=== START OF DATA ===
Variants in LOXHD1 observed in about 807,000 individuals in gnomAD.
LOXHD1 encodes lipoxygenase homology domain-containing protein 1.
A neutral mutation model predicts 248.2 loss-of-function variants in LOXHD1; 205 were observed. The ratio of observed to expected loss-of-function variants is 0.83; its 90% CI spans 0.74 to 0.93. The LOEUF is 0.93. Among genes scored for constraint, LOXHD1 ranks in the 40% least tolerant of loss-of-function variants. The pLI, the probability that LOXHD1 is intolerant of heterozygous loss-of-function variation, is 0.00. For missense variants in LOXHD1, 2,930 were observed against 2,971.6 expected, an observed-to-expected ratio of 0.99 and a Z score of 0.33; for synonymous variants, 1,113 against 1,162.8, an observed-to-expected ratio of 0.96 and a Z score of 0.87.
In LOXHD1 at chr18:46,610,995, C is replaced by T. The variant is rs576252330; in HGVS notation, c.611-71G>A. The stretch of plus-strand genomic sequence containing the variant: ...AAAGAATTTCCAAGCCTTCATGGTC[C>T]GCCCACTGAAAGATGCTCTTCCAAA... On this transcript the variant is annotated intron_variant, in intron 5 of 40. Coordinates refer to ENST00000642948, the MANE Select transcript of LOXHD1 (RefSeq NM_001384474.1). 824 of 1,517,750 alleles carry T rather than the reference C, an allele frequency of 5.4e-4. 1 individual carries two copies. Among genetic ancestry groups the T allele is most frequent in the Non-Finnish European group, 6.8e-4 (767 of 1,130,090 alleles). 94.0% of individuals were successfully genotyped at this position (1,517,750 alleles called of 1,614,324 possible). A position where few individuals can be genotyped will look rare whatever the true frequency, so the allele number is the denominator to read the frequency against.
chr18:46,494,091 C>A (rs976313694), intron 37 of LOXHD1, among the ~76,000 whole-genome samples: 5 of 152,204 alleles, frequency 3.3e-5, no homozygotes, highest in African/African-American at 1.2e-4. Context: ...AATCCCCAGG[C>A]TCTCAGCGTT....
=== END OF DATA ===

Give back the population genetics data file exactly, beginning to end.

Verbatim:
Variants in LOXHD1 observed in about 807,000 individuals in gnomAD.
LOXHD1 encodes lipoxygenase homology domain-containing protein 1.
A neutral mutation model predicts 248.2 loss-of-function variants in LOXHD1; 205 were observed. The ratio of observed to expected loss-of-function variants is 0.83; its 90% CI spans 0.74 to 0.93. The LOEUF is 0.93. Among genes scored for constraint, LOXHD1 ranks in the 40% least tolerant of loss-of-function variants. The pLI, the probability that LOXHD1 is intolerant of heterozygous loss-of-function variation, is 0.00. For missense variants in LOXHD1, 2,930 were observed against 2,971.6 expected, an observed-to-expected ratio of 0.99 and a Z score of 0.33; for synonymous variants, 1,113 against 1,162.8, an observed-to-expected ratio of 0.96 and a Z score of 0.87.
In LOXHD1 at chr18:46,610,995, C is replaced by T. The variant is rs576252330; in HGVS notation, c.611-71G>A. The stretch of plus-strand genomic sequence containing the variant: ...AAAGAATTTCCAAGCCTTCATGGTC[C>T]GCCCACTGAAAGATGCTCTTCCAAA... On this transcript the variant is annotated intron_variant, in intron 5 of 40. Coordinates refer to ENST00000642948, the MANE Select transcript of LOXHD1 (RefSeq NM_001384474.1). 824 of 1,517,750 alleles carry T rather than the reference C, an allele frequency of 5.4e-4. 1 individual carries two copies. Among genetic ancestry groups the T allele is most frequent in the Non-Finnish European group, 6.8e-4 (767 of 1,130,090 alleles). 94.0% of individuals were successfully genotyped at this position (1,517,750 alleles called of 1,614,324 possible). A position where few individuals can be genotyped will look rare whatever the true frequency, so the allele number is the denominator to read the frequency against.
chr18:46,494,091 C>A (rs976313694), intron 37 of LOXHD1, among the ~76,000 whole-genome samples: 5 of 152,204 alleles, frequency 3.3e-5, no homozygotes, highest in African/African-American at 1.2e-4. Context: ...AATCCCCAGG[C>A]TCTCAGCGTT....